Published Jul 16, 2012In its third year of existence now, the Smokers Club Tour can be summed up in one phrase: They got high. "They" being co-founders Jonny Shipes -- the guy who discovered Big K.R.I.T. and Nipsey Hussle -- and Smoke DZA. Walking onto the tour bus parked outside Phoenix Concert Theatre on Sherbourne Street, one immediately thinks of the movie Soul Plane, that is, without all the bells and whistles, and with a destination somewhere north of HIP 13044 b, that new extragalactic exoplanet.
Parked at the very back of the bus, sucking down Domino's pizza, eyes sealed shut with drips of perspiration starting, was 17-year-old lyrical phenom Joey Badass and his crew, Pro Era. Performing songs from his acclaimed mixtape 1999, such as the DOOM-produced "World Domination," "Survival Tactics" and "Don't Front." Joey and co. -- Capital STEEZ & CJ Fly -- glided around the stage, knocking into each other, high-fiving fans, basically reenacting what goes on in a schoolyard in Brooklyn, or when they get rowdy, the line at McCarren Pool. Joey's set, at about 30 to 40 minutes long, could have benefited from an in-house DJ, but besides that, it ran smooth and had a nice freestyle section tacked on at the end.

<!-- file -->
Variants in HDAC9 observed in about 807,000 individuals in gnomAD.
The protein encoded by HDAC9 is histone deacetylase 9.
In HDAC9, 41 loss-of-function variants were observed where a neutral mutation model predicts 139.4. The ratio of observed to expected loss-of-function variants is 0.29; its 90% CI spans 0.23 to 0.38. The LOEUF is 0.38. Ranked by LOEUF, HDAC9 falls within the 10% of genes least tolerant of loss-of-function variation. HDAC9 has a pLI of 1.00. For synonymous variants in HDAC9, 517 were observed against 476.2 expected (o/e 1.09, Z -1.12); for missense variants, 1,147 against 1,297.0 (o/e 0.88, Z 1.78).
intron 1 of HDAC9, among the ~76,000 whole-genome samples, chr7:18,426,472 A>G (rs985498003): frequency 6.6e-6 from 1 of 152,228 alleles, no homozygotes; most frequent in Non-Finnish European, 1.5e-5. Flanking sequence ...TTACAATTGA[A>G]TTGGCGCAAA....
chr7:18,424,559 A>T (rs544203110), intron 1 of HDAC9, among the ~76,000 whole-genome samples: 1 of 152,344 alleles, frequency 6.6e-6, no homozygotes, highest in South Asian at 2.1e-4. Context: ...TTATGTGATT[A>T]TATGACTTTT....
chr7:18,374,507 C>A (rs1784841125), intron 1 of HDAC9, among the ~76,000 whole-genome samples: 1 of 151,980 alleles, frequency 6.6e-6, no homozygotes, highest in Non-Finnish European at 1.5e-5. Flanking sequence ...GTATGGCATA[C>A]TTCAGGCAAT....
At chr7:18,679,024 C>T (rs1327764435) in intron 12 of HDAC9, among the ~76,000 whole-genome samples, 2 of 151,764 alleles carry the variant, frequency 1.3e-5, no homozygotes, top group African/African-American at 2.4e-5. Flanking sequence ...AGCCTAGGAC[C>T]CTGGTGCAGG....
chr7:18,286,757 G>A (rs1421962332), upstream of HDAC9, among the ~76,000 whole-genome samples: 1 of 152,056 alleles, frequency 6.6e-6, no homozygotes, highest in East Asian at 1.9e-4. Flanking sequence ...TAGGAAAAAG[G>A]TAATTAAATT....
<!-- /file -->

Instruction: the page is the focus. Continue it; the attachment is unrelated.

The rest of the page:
Nearing the front of Smokers Club bus, you encountered Smoke DZA, who talks about his Polo gear with the pretension of a practised wine critic/connoisseur, and Cinematic Music Group president Shipes, who was dressed in an Elvis costume and offered lost reporters a swig of Pino from the bottle. Smoke took to the stage immediately following Joey Badass, wielding a gold wrestling belt over his camo Polo attire, and asked that all 300 or so fans crowd the front of the stage. After all, "This is the Smokers Club Tour, not the Jokers Club Tour."
Smoke performed a long set, close to an hour, including standout tracks "New Jack," "Ashtray," "Loaded" and "Four Loko," all with the fiery energy of an artist continually overlooked by the mainstream hip-hop institution. "I picked that up from Method Man," said Smoke of his newfound stage presence.
Unsurprisingly, the headliner of the tour, Juicy J, was nowhere to be found on the Soul Plane. Instead he was back at the hotel countin' faces, burnin' dope, before bursting onto the stage in a "Turn Up" T-shirt, as if he were Rampage Jackson stuck in Hans Christian Andersen's The Red Shoes. If Juicy's lifestyle is at all like what he projects on stage -- a Xanax-snorting, Trippy Stick-wielding Adonis who parties so hard customs officials allow him to import quantities of lean -- then perhaps he himself was born on HIP 13044 b, where trivialities like cardiac arrest cease to exist.
Running through hits like "Geeked Up Off Them Bars," "Drugged Out," "Juicy J Can't," "Get Higher" and crowd favorite "Deez Bitches Rollin'," as well as old-school jams like "Stay High" and "Poppin' My Collar," Juicy gave fans exactly what they came for: a dose of drugs, bitches, and explicit hashtag phrases. One especially inspired fan managed to sum up Juicy's set in two words, when he told a cute girl in a skimpy blouse, "Nice tits!"